In general, we found that VPNs have improved their ability to access far-flung streaming content. In previous years, it was extremely unusual to find a VPN that could stream Netflix content from outside the US. Keep in mind that accessing region locked streaming content can breach terms of service, and PCMag cannot supply legal advice for such situations.
Lastly, because a VPN encrypts your data as it’s transmitted from your device, it’s often impossible to access local devices on the same network. A great example is Chromecast. If you’ve got a VPN running, you won’t be able to use Chromecast. You may as well be on a different Wi-Fi network. Some VPNs allow for split-tunneling, where you can designate applications and sites that can travel outside the VPN connection. Others include an option to make traffic visible to LAN devices.
VPNs by the Numbers
Some important things to look for when shopping for a VPN are the number of simultaneous connections the VPN service allows, the number of servers available, and the number of locations in which the company has servers.
Most VPN services allow you to connect up to five devices with a single account. Any service that offers fewer connections is outside the mainstream. Keep in mind that you’ll need to connect every device you wish to protect to the VPN service, so just two or three licenses will barely be enough for even just one person.
This paradigm may be changing, however. Many services now offer far more than five simultaneous connections. Some have even done away with this restriction entirely. Avira Phantom VPN, Encrypt.me VPN, Ghostery Midnight, IPVanish VPN, Surfshark VPN, and Windscribe VPN place no limit on the number of simultaneous connections. Note that Encrypt.me and IPVanish are owned by J2 Global, which in turn owns PCMag’s publisher, Ziff Media.
Of course, there are more than just phones and computers in a home. Game systems, tablets, and smart home devices such as light bulbs and fridges all need to connect to the internet. Many of these things can’t run VPN software on their own. Some VPN companies provide instructions on how to configure a router to use a VPN, which would protect all the devices on the network. There’s some debate on whether or not this will cause even more unforeseen complications. We don’t recommend this solution to anyone other than an experienced and patient tinkerer.
The distribution of VPN servers is a key consideration. The more server locations a VPN has to offer, the more options you have to spoof your location! More importantly, having numerous servers in diverse locales means that no matter where you go on Earth you’ll be able to find a nearby VPN server. The closer the VPN server, the better the speed and reliability of the connection it can offer you. Remember, you don’t need to connect to a far-flung VPN server to gain security benefits. Depending on where you live, a server down the street is as safe as one across the globe.
We also look at how many virtual servers and virtual locations VPN companies use. A virtual server is just what it sounds like—a software-defined server running on server hardware that might have several virtual servers onboard. A virtual location is a server configured to appear somewhere other than where it is physically located. While neither is inherently problematic, it’s a bit worrisome to choose one location and discover you’re actually connected somewhere else entirely. Some VPN companies take a smart view to virtual servers, using them to provide VPN support for regions where it might be too risky to physically house a server. When VPNs use these technologies, we prefer that they are transparent about it.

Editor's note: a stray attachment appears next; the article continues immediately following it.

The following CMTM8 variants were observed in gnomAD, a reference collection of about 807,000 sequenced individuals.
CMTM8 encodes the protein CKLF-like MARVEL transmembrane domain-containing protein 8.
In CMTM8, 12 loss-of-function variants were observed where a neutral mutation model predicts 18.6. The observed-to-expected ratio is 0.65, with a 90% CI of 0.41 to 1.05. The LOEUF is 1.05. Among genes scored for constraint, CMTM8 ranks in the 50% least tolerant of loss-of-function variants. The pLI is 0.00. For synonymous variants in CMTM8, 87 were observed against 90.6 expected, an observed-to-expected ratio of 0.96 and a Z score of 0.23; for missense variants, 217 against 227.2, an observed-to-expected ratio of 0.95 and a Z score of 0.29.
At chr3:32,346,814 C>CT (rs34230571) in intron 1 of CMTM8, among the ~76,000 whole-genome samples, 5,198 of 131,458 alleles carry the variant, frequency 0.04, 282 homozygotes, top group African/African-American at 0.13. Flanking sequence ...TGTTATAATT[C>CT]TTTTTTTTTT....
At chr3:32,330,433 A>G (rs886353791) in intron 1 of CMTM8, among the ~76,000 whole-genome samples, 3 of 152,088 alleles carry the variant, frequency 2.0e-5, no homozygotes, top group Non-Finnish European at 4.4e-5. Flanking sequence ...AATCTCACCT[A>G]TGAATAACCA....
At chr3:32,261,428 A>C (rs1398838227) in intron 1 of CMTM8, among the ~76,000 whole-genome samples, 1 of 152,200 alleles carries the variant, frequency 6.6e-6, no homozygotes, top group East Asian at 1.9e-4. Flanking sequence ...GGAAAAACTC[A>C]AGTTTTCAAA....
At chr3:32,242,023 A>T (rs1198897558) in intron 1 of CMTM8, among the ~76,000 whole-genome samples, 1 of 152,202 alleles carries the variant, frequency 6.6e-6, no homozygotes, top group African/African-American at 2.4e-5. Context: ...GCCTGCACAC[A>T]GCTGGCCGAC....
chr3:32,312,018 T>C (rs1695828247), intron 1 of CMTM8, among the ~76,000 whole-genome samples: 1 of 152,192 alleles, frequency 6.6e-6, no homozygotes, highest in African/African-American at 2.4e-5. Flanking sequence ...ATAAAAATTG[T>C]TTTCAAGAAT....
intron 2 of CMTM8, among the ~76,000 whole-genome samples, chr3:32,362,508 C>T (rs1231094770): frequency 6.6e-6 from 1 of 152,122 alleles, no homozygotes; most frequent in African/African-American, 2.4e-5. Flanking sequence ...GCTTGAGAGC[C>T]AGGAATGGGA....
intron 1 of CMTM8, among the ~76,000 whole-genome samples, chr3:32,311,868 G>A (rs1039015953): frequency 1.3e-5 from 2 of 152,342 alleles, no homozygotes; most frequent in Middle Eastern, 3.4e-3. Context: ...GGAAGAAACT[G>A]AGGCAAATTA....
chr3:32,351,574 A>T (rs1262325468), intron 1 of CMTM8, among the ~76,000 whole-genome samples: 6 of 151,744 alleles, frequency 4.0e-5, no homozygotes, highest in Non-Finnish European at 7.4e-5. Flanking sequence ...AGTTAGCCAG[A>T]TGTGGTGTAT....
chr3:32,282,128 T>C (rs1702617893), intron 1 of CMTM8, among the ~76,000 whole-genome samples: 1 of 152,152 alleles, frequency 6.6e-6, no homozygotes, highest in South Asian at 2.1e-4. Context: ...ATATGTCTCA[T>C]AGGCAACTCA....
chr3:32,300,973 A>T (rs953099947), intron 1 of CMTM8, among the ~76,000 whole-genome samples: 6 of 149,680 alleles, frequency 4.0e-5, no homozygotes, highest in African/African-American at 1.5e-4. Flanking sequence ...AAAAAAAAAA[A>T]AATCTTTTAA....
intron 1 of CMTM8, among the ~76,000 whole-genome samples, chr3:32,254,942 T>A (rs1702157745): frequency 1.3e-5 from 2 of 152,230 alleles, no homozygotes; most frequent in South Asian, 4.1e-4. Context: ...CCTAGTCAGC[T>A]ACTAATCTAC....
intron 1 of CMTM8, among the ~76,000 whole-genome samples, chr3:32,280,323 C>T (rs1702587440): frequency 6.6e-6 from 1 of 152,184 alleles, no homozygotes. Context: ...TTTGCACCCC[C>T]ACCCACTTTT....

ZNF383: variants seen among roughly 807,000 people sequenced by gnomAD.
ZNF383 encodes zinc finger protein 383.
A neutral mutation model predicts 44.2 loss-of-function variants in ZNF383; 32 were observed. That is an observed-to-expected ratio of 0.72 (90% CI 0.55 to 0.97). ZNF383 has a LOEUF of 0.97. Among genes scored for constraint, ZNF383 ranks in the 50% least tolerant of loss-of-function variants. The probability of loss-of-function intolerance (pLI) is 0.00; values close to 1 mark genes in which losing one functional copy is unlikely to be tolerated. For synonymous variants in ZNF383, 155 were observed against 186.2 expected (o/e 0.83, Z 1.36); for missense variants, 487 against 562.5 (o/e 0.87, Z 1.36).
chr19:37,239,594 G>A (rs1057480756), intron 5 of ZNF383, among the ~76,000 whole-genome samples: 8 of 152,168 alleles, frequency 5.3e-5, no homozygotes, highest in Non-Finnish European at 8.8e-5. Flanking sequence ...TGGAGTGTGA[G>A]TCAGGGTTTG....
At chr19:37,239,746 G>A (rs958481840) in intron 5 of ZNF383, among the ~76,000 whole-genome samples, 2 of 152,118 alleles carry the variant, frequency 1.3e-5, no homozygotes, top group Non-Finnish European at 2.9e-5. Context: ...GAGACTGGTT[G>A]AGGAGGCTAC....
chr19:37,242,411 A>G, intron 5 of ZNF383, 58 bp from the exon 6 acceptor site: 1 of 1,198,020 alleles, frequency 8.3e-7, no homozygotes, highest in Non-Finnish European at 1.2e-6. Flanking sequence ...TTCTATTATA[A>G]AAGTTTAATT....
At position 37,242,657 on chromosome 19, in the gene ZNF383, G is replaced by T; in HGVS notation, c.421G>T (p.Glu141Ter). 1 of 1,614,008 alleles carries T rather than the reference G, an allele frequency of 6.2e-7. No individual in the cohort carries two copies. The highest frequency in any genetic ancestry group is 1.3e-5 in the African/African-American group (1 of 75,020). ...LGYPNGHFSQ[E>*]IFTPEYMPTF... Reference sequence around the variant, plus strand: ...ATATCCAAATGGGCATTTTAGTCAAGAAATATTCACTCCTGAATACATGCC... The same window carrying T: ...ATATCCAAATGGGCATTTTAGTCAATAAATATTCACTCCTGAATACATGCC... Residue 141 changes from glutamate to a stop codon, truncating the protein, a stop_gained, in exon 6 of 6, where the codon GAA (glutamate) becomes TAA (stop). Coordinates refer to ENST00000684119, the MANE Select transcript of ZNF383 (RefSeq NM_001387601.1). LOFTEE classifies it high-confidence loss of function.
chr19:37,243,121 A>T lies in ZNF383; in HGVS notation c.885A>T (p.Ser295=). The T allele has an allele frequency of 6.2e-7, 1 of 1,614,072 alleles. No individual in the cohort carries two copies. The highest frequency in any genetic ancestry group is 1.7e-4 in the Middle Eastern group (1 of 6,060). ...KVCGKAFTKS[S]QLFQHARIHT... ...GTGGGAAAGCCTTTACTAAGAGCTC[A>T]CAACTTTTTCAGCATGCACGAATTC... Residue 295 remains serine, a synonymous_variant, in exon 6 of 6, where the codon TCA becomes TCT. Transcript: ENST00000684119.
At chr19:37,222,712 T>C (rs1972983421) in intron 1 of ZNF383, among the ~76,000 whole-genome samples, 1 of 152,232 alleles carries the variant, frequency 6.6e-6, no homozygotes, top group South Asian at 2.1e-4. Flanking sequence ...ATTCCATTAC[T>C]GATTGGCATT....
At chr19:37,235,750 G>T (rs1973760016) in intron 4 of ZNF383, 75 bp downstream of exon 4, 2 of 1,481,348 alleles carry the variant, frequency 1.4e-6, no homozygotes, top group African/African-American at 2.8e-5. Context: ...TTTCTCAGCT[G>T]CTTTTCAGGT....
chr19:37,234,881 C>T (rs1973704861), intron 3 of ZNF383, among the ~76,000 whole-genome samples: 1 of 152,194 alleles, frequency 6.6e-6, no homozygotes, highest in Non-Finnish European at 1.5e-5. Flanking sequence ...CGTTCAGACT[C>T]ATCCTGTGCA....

What’s the Fastest VPN?
When a VPN is active, your web traffic is taking a more circuitous route than usual, often resulting in sluggish download and upload speeds as well as increased latency. The good news is that using a VPN probably isn’t going to remind you of the dial-up days of yore.
Most services provide perfectly adequate internet speed when in use, and can even handle streaming HD video. However, 4K video and other data-intensive tasks like gaming over a VPN are another story.
When we test VPNs, we use the Ookla speed test tool. Note that Ookla is owned by PCMag’s publisher, Ziff Davis. This test provides metrics for latency, download speeds, and upload speeds. Any one of these can be an important measurement depending on your needs, but we tend to view the download speed as the most important. After all, we live in an age of digital consumption.
To evaluate VPNs, we first run several speed tests without the VPN. Then, we compare that figure to speed tests taken with the VPN active and find a percent change. Our speed tests stress comparison and reproducibility. That means we stand by our work, but your individual results may vary. After all, perhaps you live on top of a VPN server, or just happen to have a super-high bandwidth connection. Do read our feature, conveniently named How We Test VPNs, if you want the full details.
In the past, we tested all of our products back to back. This year, we’re using a rolling schedule that will provide fresher data much faster. This change was also necessitated by the limited access we have to the PCMag Labs due to the ongoing COVID-19 pandemic. The chart below shows our most recent speed test results.
Get Yourself a VPN
A VPN is an easy way to protect your privacy online, and can be a tool for circumventing unwanted internet restrictions. None of the services in this list are perfect, and there will surely be times when it won’t make sense to use a VPN. But it’s a valuable tool to have in your personal security toolbox.
Click through the review links of the best VPN services below for detailed analysis and performance results, and feel free to chime in on the comments section below them. Once you’ve picked, be sure to read our feature on how to set up and use a VPN to get the most from your chosen service.
This article originally appeared on https://www.pcmag.com/picks/the-best-vpn-services